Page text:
Last year’s blockbuster The Martian famously depicted NASA and Chinese astronauts setting off together for Mars, leaving many viewers wondering why the two powers can’t cooperate in space for the common benefit of human exploration.
Such collaboration has not been possible so far. China has only recently emerged as a player in human spaceflight, and NASA has been largely barred by legislation from bilateral activities with China’s space authorities over security concerns.
But despite this state of affairs, American and Chinese astronauts are for the first time set to work side-by-side, thanks to a multilateral mission set up by the European Space Agency (ESA) which starts on Friday.
ESA CAVES (Cooperative Adventure for Valuing and Exercising human behaviour and performance Skills) is an annual two-week-long analogue mission which simulates spaceflight here on Earth and helps prepare astronauts for working safely and effectively in multicultural teams and apply their training in a space-like context.
The team of ‘cavenauts’ for this year’s edition consists of one European astronaut, one from JAXA of Japan, two from NASA, a Russian cosmonaut and, for the first time, a Chinese astronaut - or ‘taikonaut’ to use the popular internet term - from China’s space agency, CNSA.
Together they will face the challenging environments of caves on the Italian island of Sardinia, sharing their flight or work experiences, and applying skills in a risk-filled expeditionary environment, which could prove to be a historic first step in wider human spaceflight between the Chinese and the other participating agencies.
Head of Instructional Technologies, Special Skills Training and Exploration Unit at the European Space Agency and leader of the CAVES training, says the project could well be important not just for future cooperation but also future planetary exploration.
“So we have started this training to train astronauts in an international environment to work together as teams. And it's been considered an efficient and effective training, so definitely it could be good also for seeing how astronauts and taikonauts or cosmonauts work together as teams.”
Two taikonauts, or more properly 'hangtianyuan' in Chinese, already underwent training with ESA in late 2014 in preparation for this year’s CAVES mission, and one of them will join up with the others in Sardinia.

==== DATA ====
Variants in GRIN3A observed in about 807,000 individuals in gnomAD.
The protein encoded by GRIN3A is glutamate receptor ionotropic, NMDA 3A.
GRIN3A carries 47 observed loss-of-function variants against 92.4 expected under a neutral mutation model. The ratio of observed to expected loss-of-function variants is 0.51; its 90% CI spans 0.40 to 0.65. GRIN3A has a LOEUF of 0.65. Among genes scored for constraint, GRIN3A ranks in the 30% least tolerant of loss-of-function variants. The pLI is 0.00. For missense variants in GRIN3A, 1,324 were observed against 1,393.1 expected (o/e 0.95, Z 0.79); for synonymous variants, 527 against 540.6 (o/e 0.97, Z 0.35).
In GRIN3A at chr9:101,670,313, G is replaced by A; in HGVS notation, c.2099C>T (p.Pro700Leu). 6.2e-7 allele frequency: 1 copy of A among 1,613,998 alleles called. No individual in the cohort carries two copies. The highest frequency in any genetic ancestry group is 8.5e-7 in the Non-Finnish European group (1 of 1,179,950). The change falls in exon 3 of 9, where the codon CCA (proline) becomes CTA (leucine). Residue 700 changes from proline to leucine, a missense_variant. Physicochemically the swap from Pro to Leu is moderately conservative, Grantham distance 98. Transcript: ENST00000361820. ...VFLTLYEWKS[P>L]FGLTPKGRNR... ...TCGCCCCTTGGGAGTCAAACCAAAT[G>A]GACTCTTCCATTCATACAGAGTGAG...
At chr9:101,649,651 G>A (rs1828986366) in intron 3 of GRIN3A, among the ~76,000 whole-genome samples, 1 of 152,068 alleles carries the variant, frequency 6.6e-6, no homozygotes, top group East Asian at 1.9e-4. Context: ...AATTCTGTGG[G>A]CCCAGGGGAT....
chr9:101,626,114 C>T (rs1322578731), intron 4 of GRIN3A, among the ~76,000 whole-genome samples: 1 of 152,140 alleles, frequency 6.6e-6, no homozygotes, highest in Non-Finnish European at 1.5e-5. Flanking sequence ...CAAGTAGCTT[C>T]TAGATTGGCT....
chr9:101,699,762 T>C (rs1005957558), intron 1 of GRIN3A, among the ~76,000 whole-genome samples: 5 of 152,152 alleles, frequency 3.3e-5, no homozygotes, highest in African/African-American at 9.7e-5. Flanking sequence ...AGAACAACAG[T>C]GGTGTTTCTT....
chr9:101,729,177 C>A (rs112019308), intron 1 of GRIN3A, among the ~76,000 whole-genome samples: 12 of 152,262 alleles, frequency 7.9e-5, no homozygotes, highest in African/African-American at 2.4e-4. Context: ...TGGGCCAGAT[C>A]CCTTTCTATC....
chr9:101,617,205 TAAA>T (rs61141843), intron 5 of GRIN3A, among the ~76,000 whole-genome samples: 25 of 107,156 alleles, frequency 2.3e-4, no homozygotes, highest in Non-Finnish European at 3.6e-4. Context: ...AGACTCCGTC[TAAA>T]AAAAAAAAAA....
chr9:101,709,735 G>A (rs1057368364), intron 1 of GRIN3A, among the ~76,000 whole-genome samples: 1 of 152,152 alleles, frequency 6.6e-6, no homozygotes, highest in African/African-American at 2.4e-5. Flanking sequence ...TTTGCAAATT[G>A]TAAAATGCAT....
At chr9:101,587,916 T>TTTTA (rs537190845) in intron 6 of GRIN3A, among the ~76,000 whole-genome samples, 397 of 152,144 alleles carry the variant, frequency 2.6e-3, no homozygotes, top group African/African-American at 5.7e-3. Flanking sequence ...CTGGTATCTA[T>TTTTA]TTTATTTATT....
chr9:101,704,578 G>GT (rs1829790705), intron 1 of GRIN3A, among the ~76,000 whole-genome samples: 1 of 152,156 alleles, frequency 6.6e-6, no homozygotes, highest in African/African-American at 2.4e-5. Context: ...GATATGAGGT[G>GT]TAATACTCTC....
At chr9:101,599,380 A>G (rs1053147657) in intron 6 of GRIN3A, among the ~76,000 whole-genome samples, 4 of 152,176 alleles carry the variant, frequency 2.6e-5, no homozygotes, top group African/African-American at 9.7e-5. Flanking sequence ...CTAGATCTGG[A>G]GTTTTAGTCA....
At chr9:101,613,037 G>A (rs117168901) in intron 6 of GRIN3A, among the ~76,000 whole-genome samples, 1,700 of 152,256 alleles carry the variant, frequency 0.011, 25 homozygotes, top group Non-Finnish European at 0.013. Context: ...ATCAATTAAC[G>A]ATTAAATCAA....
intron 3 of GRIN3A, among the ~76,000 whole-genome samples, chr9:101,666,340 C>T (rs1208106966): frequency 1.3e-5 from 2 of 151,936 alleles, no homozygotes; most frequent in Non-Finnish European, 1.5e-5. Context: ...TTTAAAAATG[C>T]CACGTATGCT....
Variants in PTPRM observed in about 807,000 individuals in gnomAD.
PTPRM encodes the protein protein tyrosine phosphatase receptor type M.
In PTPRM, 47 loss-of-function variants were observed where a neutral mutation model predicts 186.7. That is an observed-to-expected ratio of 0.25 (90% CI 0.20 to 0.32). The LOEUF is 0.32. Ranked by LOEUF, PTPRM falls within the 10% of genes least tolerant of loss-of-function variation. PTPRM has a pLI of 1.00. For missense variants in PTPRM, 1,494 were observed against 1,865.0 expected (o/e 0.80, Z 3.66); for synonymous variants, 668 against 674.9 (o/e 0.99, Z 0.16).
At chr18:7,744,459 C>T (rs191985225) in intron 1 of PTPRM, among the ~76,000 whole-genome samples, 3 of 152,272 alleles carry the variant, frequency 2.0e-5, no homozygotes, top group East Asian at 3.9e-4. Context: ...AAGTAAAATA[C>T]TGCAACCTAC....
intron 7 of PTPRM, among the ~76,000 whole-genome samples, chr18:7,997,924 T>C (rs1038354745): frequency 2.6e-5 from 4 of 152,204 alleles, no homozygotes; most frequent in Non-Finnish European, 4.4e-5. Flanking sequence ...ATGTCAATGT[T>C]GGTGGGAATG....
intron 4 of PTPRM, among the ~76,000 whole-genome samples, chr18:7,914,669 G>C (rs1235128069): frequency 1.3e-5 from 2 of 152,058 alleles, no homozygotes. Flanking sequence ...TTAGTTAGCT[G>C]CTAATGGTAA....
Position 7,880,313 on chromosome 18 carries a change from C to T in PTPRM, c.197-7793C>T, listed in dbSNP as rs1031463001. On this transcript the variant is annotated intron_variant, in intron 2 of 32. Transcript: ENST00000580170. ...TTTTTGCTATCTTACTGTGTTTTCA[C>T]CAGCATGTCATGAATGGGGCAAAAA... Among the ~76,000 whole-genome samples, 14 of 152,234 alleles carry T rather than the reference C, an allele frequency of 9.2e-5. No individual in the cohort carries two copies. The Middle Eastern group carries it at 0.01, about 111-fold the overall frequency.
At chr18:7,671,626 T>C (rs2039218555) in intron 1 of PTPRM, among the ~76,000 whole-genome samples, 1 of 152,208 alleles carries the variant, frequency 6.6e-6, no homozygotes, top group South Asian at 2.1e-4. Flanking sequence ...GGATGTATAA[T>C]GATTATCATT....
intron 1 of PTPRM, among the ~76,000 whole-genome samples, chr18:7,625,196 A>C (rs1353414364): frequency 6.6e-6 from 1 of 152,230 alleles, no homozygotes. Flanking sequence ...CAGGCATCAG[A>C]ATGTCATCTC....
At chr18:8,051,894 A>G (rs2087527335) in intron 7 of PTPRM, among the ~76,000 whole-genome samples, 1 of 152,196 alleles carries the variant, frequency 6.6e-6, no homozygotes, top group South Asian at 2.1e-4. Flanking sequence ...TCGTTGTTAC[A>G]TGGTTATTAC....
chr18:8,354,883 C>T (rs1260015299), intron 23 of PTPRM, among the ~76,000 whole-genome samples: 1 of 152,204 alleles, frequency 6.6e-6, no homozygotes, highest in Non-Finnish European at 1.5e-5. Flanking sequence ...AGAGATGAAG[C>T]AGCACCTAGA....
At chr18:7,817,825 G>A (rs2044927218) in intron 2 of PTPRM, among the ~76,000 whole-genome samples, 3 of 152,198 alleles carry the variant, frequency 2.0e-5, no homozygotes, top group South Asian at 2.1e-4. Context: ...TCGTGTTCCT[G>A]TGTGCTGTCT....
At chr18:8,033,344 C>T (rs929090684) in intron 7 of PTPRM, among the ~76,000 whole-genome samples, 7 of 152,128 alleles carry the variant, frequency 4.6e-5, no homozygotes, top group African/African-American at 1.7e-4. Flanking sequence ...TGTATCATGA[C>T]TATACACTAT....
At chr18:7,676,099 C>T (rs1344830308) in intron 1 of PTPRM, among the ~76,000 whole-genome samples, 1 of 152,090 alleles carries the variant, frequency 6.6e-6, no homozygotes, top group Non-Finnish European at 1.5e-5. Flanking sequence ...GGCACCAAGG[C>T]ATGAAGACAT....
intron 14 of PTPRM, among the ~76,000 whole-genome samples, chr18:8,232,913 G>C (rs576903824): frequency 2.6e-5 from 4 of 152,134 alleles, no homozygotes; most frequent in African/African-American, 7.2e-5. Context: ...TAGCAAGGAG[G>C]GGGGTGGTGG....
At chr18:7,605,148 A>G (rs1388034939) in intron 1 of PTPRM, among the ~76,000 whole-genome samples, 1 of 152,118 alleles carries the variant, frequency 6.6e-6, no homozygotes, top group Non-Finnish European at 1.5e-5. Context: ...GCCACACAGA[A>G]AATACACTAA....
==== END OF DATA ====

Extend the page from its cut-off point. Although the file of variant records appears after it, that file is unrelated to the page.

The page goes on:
Ms Bessone explains that the taikonauts preparatory training involved intercultural exchange, discussing different ways of communication, team work and making decisions.
“It was extremely important that the taikonaut participant would integrate within this scheme of feedback of open communication or open discussion because, of course, there are differences in the cultural perception of feedback between Europe, Japan, Russia and China. I wanted to make sure that this openness would not become a problem.”
After getting together this week and beginning training on June 24, the cavenauts will prepare for their week-long joint mission underground starting in early July.
“The participants find an occasion to work together as international teams, sharing their experiences, their flight experience or their work experiences, and apply their skills in a real expeditionary environment where they face risks. And they try their methods of working as a team, like communication, teamwork, decision-making, leadership and confronting each other with that.
“So it has much potential for them, and also a way for them to confront themselves with real explorative expeditions…I always expect for the participants to grow and to learn something about themselves, and about each other, about their team interactions and refine them in order to be able to improve them in the future,” Bessone says.
Tim Peake, the ESA astronaut from Britain who very recently returned to Earth after six months aboard the International Space Station, participated in the 2011 CAVES before making it to space.
NASA astronaut Jessica Meir, who holds a doctorate in Marine Biology, will this year be the first female participant in ESA CAVES.
Speaking from Houston before setting off for Europe, Meir expressed her keenness to be tested in a challenging underground environment and international context.
“This is a really great analogue for spaceflight. When we’re on the space station, we’re up there for six months at a time living and working with the same five other people, and sometimes in hostile environments in the sense that they take some survival skills,” Meir said.
“It’s a tremendous opportunity for us to utilise a habitat like that, and I think it’s going to be eye-opening to operate in an environment that requires very, very technical skills and a chance for all of us to learn the best way to work together as a team.”
While NASA participates in and hosts underwater and habitat analogue missions with international partners involved in the ISS, Meir recognises that she and fellow NASA astronaut Ricky Arnold have an extremely rare chance to work with a taikonaut, which adds to the international aspect of the ESA CAVES mission.
From CAVES to deep space?
Humanity has been stuck in low Earth orbit since the end of the Apollo days, but projects like ESA CAVES show that, as well as aiding current projects like the ISS, there is international planning and preparation for a future in deep space and planetary exploration, whether that will be NASA’s nascent plan for a ‘Journey to Mars’, or an international project closer to home.
With an eye on the future, ESA is already developing a Moon habitat to allow analogue testing for lunar missions, which could help astronauts prepare for a new era of space exploration.